Anguilla japonica Temminck & Schlegel, 1846
Japanese eel
Rí běn mán lí,  日本鳗,  Bái shàn,  Mán lí,  Mán yú,  日本鰻鱺,  日本鳗鲡,  鳗鲡
Anguilla japonica
photo by Shao, K.T.

Family:  Anguillidae (Freshwater eels)
Max. size:  150 cm TL (male/unsexed); max.weight: 1,889.0 g
Environment:  demersal; freshwater; brackish; marine; depth range 1 - 400 m, catadromous
Distribution:  Asia: Japan to the East China Sea, Taiwan, Korea, China and northern Philippines. Spawning grounds of this species are presumed to be in the western Mariana Islands, at a salinity front near 15°N and 140°E (Ref. 54488). Most expensive food fish in Japan. Introduced elsewhere.
Diagnosis:  Vertebrae: 114-118. Plain-colored.
Biology:  Spawning occurs in the sea; small eels ascend the rivers in schools; develop and grow in freshwater. The species may crawl over land at night from one place to another (Ref. 5258, 11230). Adults feed on crustaceans, insects and fish (Ref. 5258). Maximum weight given (1889 g) has a maximum length of 100.8 cm TL in Ref. 82795. Utilized fresh, smoked, canned and frozen; eaten steamed, broiled and baked (Ref. 9988). Used in Chinese medicine (Ref. 12166).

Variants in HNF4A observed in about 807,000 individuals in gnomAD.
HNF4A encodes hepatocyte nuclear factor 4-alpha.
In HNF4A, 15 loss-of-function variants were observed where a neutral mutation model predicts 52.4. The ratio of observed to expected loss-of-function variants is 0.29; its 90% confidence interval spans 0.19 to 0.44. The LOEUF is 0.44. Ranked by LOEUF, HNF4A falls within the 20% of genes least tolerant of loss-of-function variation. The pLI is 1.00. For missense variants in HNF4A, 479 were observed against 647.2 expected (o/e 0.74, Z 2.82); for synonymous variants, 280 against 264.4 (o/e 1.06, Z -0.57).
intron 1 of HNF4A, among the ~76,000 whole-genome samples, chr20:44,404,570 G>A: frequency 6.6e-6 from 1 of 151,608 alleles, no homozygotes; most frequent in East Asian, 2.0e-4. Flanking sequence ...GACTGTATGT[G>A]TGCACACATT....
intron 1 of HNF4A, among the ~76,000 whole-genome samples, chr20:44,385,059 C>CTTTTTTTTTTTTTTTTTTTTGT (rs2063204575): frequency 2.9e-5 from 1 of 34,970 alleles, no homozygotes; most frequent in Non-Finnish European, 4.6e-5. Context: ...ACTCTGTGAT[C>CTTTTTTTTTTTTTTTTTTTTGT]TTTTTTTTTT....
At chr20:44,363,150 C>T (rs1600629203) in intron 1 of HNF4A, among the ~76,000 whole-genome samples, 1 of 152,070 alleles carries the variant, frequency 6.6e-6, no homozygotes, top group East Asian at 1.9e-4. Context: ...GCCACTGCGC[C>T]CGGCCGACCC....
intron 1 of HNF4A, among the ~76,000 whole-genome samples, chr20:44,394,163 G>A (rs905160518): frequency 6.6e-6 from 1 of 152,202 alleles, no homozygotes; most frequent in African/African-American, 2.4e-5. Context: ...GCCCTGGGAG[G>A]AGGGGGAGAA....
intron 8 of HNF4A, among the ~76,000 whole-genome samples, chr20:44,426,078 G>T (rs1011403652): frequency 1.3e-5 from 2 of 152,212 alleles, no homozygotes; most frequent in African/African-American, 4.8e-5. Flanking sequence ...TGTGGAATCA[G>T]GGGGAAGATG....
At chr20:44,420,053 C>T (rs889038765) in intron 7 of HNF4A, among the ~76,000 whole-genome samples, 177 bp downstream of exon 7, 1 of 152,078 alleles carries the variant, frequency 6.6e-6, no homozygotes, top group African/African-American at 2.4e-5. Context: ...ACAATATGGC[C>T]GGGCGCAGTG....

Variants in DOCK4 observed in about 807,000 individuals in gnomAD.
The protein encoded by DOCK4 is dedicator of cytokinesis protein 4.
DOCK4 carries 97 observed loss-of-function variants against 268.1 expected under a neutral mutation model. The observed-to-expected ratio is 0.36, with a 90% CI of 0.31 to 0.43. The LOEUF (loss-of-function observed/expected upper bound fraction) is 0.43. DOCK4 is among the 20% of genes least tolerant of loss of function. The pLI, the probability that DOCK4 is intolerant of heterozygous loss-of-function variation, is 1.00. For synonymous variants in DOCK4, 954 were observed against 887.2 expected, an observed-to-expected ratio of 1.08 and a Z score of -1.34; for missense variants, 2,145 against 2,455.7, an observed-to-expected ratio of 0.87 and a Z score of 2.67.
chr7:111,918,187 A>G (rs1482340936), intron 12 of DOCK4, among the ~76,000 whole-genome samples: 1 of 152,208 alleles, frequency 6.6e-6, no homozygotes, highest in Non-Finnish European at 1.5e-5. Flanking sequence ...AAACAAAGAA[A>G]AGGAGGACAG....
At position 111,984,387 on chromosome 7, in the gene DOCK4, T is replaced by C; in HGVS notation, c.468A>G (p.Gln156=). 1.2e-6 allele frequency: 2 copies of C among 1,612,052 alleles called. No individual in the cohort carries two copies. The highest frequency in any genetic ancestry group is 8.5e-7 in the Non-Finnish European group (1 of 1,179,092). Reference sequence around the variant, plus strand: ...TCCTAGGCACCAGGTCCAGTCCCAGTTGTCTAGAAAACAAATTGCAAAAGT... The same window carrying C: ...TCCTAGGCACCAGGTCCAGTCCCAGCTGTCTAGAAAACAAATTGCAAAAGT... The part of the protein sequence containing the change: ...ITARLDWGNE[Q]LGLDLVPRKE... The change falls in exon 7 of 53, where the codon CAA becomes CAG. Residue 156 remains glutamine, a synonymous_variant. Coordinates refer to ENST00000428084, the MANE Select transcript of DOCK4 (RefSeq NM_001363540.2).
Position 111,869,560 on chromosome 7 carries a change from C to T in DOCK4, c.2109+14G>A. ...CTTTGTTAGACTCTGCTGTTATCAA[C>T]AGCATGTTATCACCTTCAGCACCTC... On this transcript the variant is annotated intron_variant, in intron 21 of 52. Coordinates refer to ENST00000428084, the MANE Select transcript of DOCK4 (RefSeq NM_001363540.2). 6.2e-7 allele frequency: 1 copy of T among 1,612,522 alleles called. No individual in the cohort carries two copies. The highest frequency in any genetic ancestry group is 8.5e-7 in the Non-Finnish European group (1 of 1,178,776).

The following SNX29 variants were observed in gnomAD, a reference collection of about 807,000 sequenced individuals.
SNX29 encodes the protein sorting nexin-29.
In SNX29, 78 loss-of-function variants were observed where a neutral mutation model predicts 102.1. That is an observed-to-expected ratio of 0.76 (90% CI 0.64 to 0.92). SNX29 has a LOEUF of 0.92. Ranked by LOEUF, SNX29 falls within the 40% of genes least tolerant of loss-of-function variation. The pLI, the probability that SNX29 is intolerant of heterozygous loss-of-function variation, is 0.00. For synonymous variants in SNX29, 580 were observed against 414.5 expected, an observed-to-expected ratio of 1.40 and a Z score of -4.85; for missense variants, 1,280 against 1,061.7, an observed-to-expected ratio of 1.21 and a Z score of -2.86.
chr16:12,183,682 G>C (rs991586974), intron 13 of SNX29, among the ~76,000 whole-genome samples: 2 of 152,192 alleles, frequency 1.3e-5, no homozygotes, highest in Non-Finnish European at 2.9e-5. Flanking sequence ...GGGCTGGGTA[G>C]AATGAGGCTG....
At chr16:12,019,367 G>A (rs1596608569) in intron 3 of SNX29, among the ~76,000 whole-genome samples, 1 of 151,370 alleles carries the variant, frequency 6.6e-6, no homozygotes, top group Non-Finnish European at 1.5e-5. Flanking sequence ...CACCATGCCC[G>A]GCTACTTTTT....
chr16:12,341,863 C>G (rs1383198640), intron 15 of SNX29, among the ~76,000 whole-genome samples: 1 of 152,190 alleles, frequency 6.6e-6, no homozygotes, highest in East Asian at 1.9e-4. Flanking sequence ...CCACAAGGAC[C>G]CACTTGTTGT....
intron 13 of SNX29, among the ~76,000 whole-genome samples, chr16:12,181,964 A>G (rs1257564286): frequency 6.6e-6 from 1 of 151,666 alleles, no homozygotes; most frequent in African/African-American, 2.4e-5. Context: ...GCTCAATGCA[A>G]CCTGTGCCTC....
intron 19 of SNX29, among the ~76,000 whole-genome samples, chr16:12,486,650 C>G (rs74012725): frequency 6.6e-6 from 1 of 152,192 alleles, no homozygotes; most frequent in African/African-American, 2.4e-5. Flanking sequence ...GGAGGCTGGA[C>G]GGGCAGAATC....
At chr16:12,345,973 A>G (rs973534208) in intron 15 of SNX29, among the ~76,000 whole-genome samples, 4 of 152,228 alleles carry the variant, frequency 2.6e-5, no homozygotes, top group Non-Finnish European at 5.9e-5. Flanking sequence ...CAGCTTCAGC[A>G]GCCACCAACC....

IUCN Red List Status: Endangered (EN); Date assessed: 06 November 2018 (A2bcd) Ref. (124695)
Threat to humans:  harmless
Country info:  Known from Guangdong Province (Changan County, Chaoyang County, Chehai County) and Shantou City of Hanjiang drainage; also from Sanshui County, Fengkai County, Zhaoqing City of Xijiang River drainage (Ref.33340); Zhu Jiang (= Pearl River) delta and Hanjiang river mouth in Guangdong Province (Ref. 33340); southern Fujian (Ref. 47843). Known as "pai-shan" at Tungting Lake (Ref. 35840). A popular cultured fish, introduced from its native range to other regions in the country (intensive culture in ponds and reservoirs) (Ref. 55380). Also Ref. 11110, 35840.

Source and more info: For personal, classroom, and other internal use only. Not for publication.

Page created by Jen, 05.08.02, php script by kbanasihan 06/09/2010 ,  last modified by sortiz, 10/02/17